When Ali and I get together and visit convenience store, we often find ourselves drawn to the toy aisle. Cute dolls, cuddly stuffed animals, and Nerf swords are worth the effort. Recently, Ali and I went to Walgreene's. Like always, we walked over to the toy aisle and began to look at the different toys. Of course, some little things caught our eye, like singing stuffed creatures and a stuffed Snow White with frightening orange eyes.
No, orange-eyed Snow White was not meant to celebrate Halloween. Somehow, her creators thought she might look nice with neon orange eyes and a matching hairbow. Nice decision, guys. Way to stand apart from the actual movie.
On a more alarming note, Ali and I found several dolls that were a part of "Monster High." All of the dolls were dressed in fishnets and chains and featured gruesome scars, skulls, and vampire teeth. They came with best friends and boyfriends and accessories, just like Barbie dolls would, but they were just so dark. I can't ever imagine allowing my child to play with dolls that advertise being dark and scary in an almost sexual manner.
The doll below was apparently named "Draculaura." She featured heavy makeup, long fangs, and an extremely immodest outfit. While Draculaura wasn't dressed as dark as the other dolls were, she was dressed the most immodestly. While most of the skirts came up inappropriately high, Draculaura wasn't even wearing tights like the others to cover up some of the leg she was showing.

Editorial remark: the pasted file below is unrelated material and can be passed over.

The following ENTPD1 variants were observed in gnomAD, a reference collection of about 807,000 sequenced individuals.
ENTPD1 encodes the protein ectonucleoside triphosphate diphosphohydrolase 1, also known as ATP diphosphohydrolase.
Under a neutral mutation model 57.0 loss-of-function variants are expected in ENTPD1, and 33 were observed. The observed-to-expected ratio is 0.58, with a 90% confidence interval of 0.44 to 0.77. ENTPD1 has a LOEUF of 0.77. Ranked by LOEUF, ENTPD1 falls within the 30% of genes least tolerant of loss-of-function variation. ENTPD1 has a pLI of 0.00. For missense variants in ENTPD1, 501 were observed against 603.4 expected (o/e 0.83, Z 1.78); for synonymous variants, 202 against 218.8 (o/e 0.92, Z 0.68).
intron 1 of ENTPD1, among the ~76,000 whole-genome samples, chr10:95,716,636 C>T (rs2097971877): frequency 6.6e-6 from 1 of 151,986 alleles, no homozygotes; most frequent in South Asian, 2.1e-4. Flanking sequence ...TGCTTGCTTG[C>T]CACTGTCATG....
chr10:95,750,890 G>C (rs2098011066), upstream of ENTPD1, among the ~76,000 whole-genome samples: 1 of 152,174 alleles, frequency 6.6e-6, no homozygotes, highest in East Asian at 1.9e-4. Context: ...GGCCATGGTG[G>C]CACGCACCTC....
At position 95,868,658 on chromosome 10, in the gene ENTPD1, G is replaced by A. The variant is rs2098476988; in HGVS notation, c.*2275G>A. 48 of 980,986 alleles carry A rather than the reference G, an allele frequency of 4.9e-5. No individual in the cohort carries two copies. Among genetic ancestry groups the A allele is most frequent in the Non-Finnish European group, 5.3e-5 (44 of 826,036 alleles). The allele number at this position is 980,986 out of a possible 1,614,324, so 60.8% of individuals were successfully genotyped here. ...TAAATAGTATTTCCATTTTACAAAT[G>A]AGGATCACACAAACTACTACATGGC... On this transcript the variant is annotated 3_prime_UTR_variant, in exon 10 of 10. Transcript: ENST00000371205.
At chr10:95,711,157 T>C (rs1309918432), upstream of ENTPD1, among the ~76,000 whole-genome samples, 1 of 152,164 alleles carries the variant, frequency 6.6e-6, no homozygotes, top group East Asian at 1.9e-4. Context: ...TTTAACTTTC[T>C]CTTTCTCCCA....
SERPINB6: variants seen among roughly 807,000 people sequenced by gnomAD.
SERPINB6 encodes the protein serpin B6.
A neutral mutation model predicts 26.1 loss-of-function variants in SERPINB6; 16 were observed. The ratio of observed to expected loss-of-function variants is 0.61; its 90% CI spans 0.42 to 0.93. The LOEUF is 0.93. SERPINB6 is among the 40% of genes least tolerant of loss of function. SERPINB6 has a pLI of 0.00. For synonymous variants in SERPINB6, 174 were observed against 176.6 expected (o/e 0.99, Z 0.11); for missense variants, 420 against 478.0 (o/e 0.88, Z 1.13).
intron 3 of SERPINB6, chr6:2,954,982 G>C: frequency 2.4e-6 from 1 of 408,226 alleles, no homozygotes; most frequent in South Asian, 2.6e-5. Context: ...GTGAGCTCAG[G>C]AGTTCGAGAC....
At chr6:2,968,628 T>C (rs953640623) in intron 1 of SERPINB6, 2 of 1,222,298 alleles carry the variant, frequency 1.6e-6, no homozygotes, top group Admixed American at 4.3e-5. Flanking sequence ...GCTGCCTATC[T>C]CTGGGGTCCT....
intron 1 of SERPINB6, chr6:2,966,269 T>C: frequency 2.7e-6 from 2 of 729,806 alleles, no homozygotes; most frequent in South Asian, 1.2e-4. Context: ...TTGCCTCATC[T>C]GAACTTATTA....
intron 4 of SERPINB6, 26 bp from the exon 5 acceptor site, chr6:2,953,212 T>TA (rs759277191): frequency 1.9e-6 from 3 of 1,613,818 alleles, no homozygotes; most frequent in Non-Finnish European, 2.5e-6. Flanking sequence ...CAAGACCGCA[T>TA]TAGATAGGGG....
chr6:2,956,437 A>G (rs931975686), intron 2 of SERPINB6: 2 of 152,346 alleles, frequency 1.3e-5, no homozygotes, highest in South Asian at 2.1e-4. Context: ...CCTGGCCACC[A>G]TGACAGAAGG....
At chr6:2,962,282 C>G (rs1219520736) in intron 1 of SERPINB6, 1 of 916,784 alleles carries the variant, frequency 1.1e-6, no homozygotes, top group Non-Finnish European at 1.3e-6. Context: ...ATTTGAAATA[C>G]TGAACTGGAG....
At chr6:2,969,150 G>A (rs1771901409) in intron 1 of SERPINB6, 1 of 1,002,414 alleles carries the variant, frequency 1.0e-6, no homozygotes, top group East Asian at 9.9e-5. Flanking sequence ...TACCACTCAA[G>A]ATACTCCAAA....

I thought these dolls must be part of a generic line for Wal-Greene's, just like the odd Snow White doll, but Rebecca and I found more of the dolls at Walmart a couple of weeks later. Again, the dolls were dressed immodestly and wore dark themes like skulls and crossbones. Young, innocent children play with dolls. I stopped playing with dolls when I was around nine or ten years old. As a little girl, I cannot imagine my mother allowing me to play with dolls that dress like the ones from Monster High.
I visited the Monster High website and saw something on the front page that said: "Be yourself. Be unique. Be a monster."
Be... a monster?
The little children who play with Monster High dolls are going to want to be like them. Heavy makeup, dyed hair, revealing clothing... can you imagine a seven-year-old girl dressing in skulls and crossbones and thick eyeliner? Honestly, I'm not sure how those qualities make someone unique. Also, do you see the weight of Draculaura in the picture above? She may actually be thinner than a Barbie doll.
When I encourage a child to be herself, I mean that she should embrace who she looks like without all the makeup and accessories. She doesn't need to disguise her looks with a lot of makeup. She doesn't need to wear revealing clothes to attract popular friends and cute guys. She can be beautiful and unique with her natural color of hair and flattering clothes that don't flaunt her body. God made each little girl to be beautiful.
Perhaps I'm looking too far into the whole "Monster High" line of dolls. It just bothers me that five and six-year-old girls are going to be playing with and idolizing dolls that dress as darkly and immodestly as these do.
What do you think?